TSX Set for Gains As North Korean Tensions Ease

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The US Dollar Index, which gauges the greenback's strength versus major rivals, is now at 93.775.DXY, a gain of 0.35%.

US stocks climbed sharply on Monday as Wall Street's fears about the North Korea nuclear crisis faded. USA officials also played down the likelihood of a nuclear conflict with North Korea.

In currencies, the United States dollar rose 1 percent against the Swiss franc, erasing much of the greenback's losses last week against the safe-haven currency, which was set for its biggest 1-day drop against the dollar since July. That included the S&P 500 logging its best one-day gain since April at 1%.

It measures the daily stock price movements of 30 large, publicly-owned US companies.

Markets will shrug off events such as the North Korea tensions so long as interest rates continue to stay low, the labor market stays strong and the global economy stays healthy, said Dan Miller, director of equities at GW&K Investment Management.

Markets are now pricing in a very slim chance of the escalation of war between the United States and North Korea. Sompo Holdings rose 2.2 percent, Mitsubishi UFJ Financial Group rose 1.7 percent and Mizuho Financial Group added 1.4 percent. Toronto-Dominion Bank (TD.TO) rose 0.5 per cent to $64.36.

Shares of companies mining gold retreated after the price of the metal declined as North Korea signaled it would delay a decision on firing missiles towards Guam, a USA territory in the Pacific.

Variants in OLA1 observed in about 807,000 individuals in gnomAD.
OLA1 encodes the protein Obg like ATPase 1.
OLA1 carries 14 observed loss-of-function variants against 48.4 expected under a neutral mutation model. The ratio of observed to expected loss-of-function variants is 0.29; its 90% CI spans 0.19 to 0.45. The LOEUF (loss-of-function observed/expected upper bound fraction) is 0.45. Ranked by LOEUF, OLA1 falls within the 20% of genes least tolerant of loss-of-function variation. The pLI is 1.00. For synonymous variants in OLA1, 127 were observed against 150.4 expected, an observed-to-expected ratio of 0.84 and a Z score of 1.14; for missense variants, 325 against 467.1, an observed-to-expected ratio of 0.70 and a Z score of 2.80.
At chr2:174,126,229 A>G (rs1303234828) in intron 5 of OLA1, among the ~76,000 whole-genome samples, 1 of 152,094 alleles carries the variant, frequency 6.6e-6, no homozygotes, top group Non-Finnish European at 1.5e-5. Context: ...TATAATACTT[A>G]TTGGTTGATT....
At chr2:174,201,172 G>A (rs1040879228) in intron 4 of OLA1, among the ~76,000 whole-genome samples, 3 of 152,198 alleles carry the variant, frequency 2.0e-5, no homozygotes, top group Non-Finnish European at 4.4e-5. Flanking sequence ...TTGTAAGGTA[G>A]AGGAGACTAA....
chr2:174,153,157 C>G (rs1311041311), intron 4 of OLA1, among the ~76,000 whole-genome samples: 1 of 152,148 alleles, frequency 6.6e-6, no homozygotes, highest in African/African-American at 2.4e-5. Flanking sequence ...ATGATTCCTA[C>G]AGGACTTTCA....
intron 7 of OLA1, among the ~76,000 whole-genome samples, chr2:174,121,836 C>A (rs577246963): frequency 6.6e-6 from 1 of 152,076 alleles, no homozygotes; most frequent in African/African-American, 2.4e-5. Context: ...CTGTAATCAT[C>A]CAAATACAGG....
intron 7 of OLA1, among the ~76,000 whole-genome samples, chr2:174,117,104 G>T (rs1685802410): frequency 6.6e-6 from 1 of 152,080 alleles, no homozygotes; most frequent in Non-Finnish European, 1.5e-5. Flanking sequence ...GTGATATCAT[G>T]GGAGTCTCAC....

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The S&P 500 posted 49 new 52-week highs and 10 new lows; the Nasdaq Composite recorded 98 new highs and 85 new lows.

The broader Topix shed 0.8 percent to 1,603.95.

Meanwhile, shares of Ansell tumbled 2.88 percent after the rubber products manufacturer announced full-year profit fell 7.2 percent and missed estimates, Reuters reported.

Crude oil sunk more than 2.5 percent with prices at $47.50 per barrel.

USA government data is forecast to show crude stockpiles extended declines during a period of strong seasonal demand, trimming a glut.

Spot gold prices fell 0.5 percent to $1,275.62 an ounce, extending their fall from Monday when they shed half a percent.

The dollar rose as traders unwound their bearish bets made last week after Friday's disappointing USA inflation data dampened expectations that the Federal Reserve would raise interest rates again this year.

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